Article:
Lesson # 1. Go to the gym

November 3, 2013

Sometimes I joke that if I knew how difficult boxing was, I would never have started. There’s a small kernel of truth in that. Boxing is hard on so many fronts – physically, mentally, emotionally. But it’s best not to look too far ahead. When I began it was unchartered waters for women. Banned in NSW and unrecognised by the Amateur Boxing Association. It’s true to say I really didn’t know what I was getting myself into. There wasn’t much encouragement and there were many in the sport waiting for the fad to pass. Well it’s certainly not going to pass any time soon. But still we can’t get too complacent.

Women’s sparring session at Boxing Central involving girls from Rudy’s Boxing in Warrnambool, ProFit Boxing from Coolaroo and I.A.P in Hallam. Photos by Kieran Marken.

Women’s sparring session at Boxing Central involving girls from Rudy’s Boxing in Warrnambool, ProFit Boxing from Coolaroo and I.A.P in Hallam. Photos by Kieran Marken.

So I’ve made it my mission to keep the ball rolling, especially at the grass roots level,  and offer a place for women to come together to spar each other since I so rarely had that chance when I began, always having to spar men who either hit too hard or not at all. I was delighted this week to see nine women sparring in the gym from four different gyms including my own. Ten years ago this would have been impossible. Now it happens at least once a month and I’m happy to say I’m still able to jump in and do some rounds myself. I can’t help it. I might not be able to turn back time but I can try and stay ahead of it by making sure that I am fit and in tune enough to still earn a place inside the ropes. But I do understand it’s not about me any more, really. It’s about generations of women to come. And I want those numbers to keep on growing. The more there are the higher the standard will be.

But I’ve noticed since opening the gym that the most inquiries I get for ‘learning to box and fight’ are from men. But it’s not often that I actually see those men. They phone, text or email. But I never see the whites of their eyes. They tell me how excited they are about boxing, how much equipment they have, how they’ll see me Monday. But Monday comes and they don’t show.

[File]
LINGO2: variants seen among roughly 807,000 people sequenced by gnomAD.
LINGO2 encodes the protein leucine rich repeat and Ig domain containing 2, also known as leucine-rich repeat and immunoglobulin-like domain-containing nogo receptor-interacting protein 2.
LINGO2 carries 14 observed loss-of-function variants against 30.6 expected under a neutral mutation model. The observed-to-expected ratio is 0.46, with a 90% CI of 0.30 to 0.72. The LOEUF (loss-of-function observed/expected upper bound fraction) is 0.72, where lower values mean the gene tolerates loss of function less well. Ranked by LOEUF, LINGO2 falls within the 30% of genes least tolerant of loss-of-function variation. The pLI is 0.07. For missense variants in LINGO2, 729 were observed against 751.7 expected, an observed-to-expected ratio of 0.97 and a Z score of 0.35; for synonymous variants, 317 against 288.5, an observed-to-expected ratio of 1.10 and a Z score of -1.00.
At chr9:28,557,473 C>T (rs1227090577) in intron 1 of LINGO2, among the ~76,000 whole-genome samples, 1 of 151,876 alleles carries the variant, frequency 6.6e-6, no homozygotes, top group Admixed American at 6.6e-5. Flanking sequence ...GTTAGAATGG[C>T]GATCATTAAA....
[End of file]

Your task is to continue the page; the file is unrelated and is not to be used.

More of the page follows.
Then there are the people who come to the gym to get fit  or fitter. Fighting is the furthest from their minds. These people, both men and women, train hard doing the classes. They become captivated by what they see in the ring. They come to the Calabria Club to watch the boxers compete. Then they say maybe they’d like to try some sparring. So I started  the beginners sparring class on Mondays just for those people to learn some defence, the difference between boxing fitness and real boxing is having to deal with getting hit. After that you know you have taken a step into deep water and have barely touched the surface in terms of what there is to learn. And for many, that’s where the journey begins. It hardly ever starts with a plan or an email or a text. Getting punched in the face for real is often the best way to find out if this is for you or not. How you cope with that is the true test.

But it’s not for everyone. And that’s fine. But often it is the most unlikely people who want to push forward. Some people return to boxing fitness having decided getting hit is not for them. But at least learning the real nuts and bolts of boxing helps you improve your technique. We value everyone no matter what level they want to practice. And if you want to learn to fight, the best way is to come to the gym and train. By all means make an inquiry. But at the end of the day, you have to turn up. When I first started boxing I couldn’t wait to get to the gym every day and to be honest, I still look forward to it. If you are serious about fighting it has to be that way. And now, more than ever, I enjoy watching the progress of others and I see it most in those who have made it a habit.





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